HARTINGTON — Look inside the glove box of just about any farmer's pickup truck and you'll find a well-worn plat book.
The books are helpful when figuring out who owns a piece of land, but each page shows only a small portion of the county in question in a simple black-and-white display.
Kathy Brummels took the plat book a step further and made it look a heck of a lot more interesting. The Coleridge, Nebraska, quilter stitched together 2.5-inch squares of fabric to represent every section of land in Cedar County. Other added landmarks form a unique quilt that's also a pretty good county map, though you wouldn't be able to stash this one easily in your vehicle.
It was only fitting that Brummels used a plat book to trace the Missouri River's bends and turns so that the blue fabric she used to represent the river accurately depicted the county's northern border. She included earth-colored fabric patches to show the larger islands that dot the river's channel.
"I just had fun," said Brummels, who has been sewing since she was a little girl in 4-H.
In her quest for accuracy, Brummels used tan-colored fabric for the county's sandier areas, brownish-green to represent bluffs along the Missouri River and varying shades of green for fertile crop land. She embroidered a black zig-zag pattern to mark highway routes, and the name of each town is embroidered next to a large button to show the location.
For six weeks, the quilt was displayed in the Cedar County Courthouse, and county residents often stopped in front of it, pointing to the location of their homes and property, the Sioux City Journal reported.
"We live right here," Brummels said, pointing to a green square near Coleridge, where she and her husband, Bob, live. With another sweep of her hand, Brummels shows the location of the nearby land they farm.
Brummels capped off the quilt with a green border to represent the cedar trees for which the county was named and a square in which "Nebraska the good life" was embroidered. It's an added detail to an idea that just popped into Brummels' head. She's not sure where the inspiration came from.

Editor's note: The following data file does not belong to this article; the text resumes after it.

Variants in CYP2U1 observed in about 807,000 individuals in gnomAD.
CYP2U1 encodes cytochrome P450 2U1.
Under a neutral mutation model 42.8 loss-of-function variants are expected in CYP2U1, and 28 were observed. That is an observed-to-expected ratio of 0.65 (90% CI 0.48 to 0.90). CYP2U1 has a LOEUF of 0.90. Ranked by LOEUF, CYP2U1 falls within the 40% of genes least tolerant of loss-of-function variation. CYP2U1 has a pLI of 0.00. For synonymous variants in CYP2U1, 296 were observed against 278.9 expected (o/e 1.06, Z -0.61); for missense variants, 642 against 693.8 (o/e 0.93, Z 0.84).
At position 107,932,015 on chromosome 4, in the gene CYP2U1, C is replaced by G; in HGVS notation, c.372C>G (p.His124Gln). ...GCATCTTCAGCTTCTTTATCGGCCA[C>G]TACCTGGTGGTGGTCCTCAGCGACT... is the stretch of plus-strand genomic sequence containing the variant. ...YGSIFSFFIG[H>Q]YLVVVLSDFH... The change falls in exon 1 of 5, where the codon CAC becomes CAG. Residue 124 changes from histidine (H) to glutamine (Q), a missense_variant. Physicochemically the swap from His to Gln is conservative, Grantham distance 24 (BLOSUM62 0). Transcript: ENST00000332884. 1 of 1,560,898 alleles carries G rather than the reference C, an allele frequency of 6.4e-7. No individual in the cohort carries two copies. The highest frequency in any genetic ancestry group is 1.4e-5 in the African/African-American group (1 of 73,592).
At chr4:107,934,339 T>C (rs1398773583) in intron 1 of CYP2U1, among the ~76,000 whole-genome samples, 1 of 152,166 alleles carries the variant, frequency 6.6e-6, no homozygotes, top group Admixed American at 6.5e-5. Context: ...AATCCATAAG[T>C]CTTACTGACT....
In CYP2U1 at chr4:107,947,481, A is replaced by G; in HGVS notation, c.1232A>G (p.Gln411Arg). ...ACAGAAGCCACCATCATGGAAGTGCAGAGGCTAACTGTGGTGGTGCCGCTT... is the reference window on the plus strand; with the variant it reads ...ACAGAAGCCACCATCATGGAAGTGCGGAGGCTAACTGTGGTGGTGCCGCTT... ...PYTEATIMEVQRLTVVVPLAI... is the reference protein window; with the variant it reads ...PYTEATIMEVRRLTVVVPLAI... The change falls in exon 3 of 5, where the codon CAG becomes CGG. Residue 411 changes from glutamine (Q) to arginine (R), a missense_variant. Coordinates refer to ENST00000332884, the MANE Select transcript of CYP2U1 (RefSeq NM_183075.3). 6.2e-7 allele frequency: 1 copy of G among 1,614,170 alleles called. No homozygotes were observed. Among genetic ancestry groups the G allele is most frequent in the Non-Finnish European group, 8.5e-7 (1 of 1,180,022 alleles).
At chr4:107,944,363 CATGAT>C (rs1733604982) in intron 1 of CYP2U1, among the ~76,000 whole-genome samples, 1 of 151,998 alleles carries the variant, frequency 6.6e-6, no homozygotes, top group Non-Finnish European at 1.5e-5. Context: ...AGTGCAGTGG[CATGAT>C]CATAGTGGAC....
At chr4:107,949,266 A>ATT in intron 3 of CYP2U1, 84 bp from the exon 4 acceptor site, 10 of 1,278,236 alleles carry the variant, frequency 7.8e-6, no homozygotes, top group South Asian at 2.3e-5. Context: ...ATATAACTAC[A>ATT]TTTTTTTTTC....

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"I just thought it up. A lot of quilts have flowers, something as a focal point. This has a lot of focal points," she said. "The more I worked on it, the more it came together."
Brummels, who grew up in Thurston County and has lived in Cedar County for 45 years, worked on the quilt for four or five hours most days from June 19 until July 14, finishing it just in time to enter it at the Cedar County Fair, which took place in Hartington July 18-22.
She didn't win a ribbon, but the quilt did generate some curiosity. Brummels ran into Cedar County Clerk Dave Dowling, and they thought it would be neat to show it in the courthouse.
The county's Board of Commissioners agreed, and for six weeks, the quilt hung near the courthouse's main entrance. The quilt was visible from Dowling's office, and it was not uncommon to see taxpayers stop in front of the quilt, obviously studying it to locate their property.
"We've had a lot of good comments on it. Kathy did a good job with it," Dowling said.
The quilt's run at the courthouse ended Sept. 13, when Brummels folded it and took it home. It might not stay there long. It's a quilt that should be seen, she said, and she's thinking about displaying it in the community building in Coleridge.
"It's something I thought you don't just put it on your bed and nobody ever sees it," Brummels said.
Given the interest the quilt attracted, could another county map be the subject of her next quilting project? Brummels quickly answered no — one was enough. She's got other ideas for her next quilts.
"I've already started sewing some others," she said. "I went to the State Fair and I got some inspiration."